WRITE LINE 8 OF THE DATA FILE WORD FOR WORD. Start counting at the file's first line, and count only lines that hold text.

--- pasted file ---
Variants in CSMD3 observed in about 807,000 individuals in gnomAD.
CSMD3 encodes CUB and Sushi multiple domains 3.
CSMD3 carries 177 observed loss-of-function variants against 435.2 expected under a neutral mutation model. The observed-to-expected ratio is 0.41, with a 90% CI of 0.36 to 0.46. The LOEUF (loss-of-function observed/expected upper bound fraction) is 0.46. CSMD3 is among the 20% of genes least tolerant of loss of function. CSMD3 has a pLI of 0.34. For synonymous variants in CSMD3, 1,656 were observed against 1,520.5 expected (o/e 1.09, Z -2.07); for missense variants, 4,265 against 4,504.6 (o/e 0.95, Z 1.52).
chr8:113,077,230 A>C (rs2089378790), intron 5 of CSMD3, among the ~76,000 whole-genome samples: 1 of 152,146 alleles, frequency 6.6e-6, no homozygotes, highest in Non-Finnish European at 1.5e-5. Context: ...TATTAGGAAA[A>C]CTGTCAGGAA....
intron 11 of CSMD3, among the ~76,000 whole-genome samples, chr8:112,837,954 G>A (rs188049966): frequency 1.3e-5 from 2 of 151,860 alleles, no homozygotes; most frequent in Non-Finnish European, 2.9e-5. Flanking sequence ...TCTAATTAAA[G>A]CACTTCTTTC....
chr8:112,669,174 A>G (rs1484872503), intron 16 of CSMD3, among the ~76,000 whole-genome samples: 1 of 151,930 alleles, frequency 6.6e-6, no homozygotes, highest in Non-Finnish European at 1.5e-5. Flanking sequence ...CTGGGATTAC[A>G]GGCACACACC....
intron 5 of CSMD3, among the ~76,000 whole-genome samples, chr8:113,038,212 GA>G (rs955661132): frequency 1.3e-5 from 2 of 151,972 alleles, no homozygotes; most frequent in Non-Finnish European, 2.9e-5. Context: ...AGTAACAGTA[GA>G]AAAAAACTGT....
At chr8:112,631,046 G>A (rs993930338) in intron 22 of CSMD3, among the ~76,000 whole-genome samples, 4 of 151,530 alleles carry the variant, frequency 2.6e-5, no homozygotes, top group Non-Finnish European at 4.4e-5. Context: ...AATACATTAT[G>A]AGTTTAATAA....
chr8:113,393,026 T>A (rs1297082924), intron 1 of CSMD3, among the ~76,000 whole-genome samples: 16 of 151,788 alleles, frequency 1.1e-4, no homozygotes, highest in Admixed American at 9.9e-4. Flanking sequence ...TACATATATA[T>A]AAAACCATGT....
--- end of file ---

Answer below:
At chr8:112,631,046 G>A (rs993930338) in intron 22 of CSMD3, among the ~76,000 whole-genome samples, 4 of 151,530 alleles carry the variant, frequency 2.6e-5, no homozygotes, top group Non-Finnish European at 4.4e-5. Context: ...AATACATTAT[G>A]AGTTTAATAA....